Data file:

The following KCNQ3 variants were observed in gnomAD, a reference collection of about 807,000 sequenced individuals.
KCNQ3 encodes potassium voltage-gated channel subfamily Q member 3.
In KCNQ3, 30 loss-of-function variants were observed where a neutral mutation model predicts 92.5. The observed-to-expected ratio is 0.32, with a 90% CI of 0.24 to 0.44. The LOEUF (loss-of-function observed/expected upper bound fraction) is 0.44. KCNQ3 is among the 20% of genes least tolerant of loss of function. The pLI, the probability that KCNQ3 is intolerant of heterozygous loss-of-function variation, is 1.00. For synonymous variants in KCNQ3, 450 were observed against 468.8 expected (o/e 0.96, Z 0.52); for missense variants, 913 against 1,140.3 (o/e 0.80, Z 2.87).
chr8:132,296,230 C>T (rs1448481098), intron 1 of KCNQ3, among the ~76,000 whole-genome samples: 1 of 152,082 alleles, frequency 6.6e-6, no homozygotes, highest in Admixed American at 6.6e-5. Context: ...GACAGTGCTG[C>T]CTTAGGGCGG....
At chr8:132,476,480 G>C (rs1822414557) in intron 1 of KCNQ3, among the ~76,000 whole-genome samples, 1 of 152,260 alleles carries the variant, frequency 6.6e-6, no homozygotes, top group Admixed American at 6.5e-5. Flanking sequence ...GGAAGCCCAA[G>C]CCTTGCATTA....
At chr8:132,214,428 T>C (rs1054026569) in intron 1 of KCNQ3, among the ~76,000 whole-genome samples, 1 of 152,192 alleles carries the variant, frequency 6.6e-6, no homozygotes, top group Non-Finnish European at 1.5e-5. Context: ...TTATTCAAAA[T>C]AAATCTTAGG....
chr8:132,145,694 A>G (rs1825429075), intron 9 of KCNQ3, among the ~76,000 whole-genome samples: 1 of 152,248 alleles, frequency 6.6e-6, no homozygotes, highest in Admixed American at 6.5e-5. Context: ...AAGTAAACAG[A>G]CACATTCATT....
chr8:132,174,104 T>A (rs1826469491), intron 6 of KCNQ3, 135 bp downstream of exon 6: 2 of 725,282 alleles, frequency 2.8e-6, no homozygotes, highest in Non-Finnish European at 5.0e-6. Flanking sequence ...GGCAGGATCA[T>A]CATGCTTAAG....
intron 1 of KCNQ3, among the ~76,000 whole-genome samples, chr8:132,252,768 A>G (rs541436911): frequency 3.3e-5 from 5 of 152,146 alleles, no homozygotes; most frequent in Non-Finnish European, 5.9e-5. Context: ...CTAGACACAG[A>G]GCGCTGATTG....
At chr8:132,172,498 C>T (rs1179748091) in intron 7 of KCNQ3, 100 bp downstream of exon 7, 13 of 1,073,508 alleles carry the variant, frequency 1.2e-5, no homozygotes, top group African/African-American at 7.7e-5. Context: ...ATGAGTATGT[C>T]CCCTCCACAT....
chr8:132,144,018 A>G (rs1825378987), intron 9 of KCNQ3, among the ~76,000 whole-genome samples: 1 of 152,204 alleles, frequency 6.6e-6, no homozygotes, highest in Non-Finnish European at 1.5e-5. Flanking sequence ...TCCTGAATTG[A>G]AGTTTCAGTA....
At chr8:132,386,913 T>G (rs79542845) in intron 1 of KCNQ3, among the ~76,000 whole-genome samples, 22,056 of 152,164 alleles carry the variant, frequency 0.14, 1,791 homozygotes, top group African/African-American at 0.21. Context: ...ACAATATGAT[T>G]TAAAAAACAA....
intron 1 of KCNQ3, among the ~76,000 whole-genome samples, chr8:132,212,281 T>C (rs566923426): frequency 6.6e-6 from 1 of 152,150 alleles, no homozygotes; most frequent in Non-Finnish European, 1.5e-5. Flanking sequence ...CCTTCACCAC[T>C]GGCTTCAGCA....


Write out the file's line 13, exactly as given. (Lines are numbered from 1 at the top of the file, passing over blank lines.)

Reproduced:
intron 1 of KCNQ3, among the ~76,000 whole-genome samples, chr8:132,212,281 T>C (rs566923426): frequency 6.6e-6 from 1 of 152,150 alleles, no homozygotes; most frequent in Non-Finnish European, 1.5e-5. Flanking sequence ...CCTTCACCAC[T>C]GGCTTCAGCA....